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EPA Settles Asbestos Case with Victoria Ward, Island Demo, Coralco
Release Date: 7/30/2003
Contact Information: Dean Higuchi, (808) 541-2711
Victoria Ward Ltd.,Contractor and Subcontractor To Pay Total Fine of $24,966
SAN FRANCISCO The U.S. Environmental Protection Agency recently settled its case against Victoria Ward Ltd., Island Demo Inc., and Coralco Corporation that requires the companies to pay $24,966 for alleged asbestos removal violations at Club Laimu in Honolulu.
The September 2002 complaint against the companies is for alleged violations of the EPA's Clean Air Act asbestos regulations covering the emission, handling, and disposal of asbestos, as well as record-keeping and notification requirements. The three companies have agreed to pay a total fine of $22,166 for the violations. Island Demo has also agreed to pay $2,800 for an alleged violation of the EPA's Toxic Substances Control Act regulations that require accreditation for those designing or conducting clean-ups involving friable asbestos in a public or commercial building.
"Asbestos removal needs to be done properly to prevent exposure to the public," said Jack Broadbent, the EPA's air division director for the Pacific Southwest region. "The EPA and the Hawai'i Department of Health will continue to do inspections and enforce any asbestos removal violations to ensure that companies follow the rules."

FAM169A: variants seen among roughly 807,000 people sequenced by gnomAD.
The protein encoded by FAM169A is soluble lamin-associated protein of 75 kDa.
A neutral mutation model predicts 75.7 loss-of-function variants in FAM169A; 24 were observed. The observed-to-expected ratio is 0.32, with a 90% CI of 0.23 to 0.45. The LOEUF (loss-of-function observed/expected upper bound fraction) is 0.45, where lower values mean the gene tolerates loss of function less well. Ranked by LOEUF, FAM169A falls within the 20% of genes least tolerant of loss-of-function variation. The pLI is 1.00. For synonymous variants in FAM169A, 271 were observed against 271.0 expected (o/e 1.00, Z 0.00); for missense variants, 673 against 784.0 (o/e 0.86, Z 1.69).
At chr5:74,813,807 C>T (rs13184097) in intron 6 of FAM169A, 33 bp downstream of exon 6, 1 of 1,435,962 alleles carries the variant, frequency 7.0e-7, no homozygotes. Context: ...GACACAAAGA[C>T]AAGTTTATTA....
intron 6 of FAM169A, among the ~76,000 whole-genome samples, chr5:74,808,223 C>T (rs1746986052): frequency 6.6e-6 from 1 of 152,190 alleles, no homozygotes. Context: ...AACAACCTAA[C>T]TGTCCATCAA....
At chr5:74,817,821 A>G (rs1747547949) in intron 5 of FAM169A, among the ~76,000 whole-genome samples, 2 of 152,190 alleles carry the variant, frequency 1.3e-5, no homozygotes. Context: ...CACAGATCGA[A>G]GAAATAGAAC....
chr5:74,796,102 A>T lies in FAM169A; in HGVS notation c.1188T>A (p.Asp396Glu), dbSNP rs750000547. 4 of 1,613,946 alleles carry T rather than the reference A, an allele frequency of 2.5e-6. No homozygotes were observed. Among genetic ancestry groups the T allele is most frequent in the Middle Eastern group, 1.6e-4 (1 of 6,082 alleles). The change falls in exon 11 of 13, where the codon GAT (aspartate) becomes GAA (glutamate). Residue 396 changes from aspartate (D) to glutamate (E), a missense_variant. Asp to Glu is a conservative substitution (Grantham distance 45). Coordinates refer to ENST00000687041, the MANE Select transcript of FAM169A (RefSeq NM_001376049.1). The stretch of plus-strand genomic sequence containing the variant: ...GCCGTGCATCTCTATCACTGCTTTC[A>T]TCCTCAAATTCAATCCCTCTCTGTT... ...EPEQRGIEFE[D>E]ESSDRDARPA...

Island Demo and its subcontractor Coralco were hired by Victoria Ward to remove asbestos-containing ceiling material from Club Laimu. The notification of demolition and renovation that Island Demo is required to submit to the Hawai'i Department of Health, scheduled the removal to begin on Jan. 26, 2000, but work actually started three days later.
In February 2000, a Hawai'i Department of Health asbestos inspector found dry, asbestos-containing ceiling debris throughout the area that Coralco workers abated. The inspector discovered that an Island Demo representative had designed a clean-up plan for the site without the required accreditation.
Asbestos is a known environmental carcinogen that the EPA has determined is a hazardous air pollutant. It presents a significant risk to human health as a result of air emissions. Individuals exposed to asbestos fibers can contract illnesses such as mesothelioma and lung cancer.
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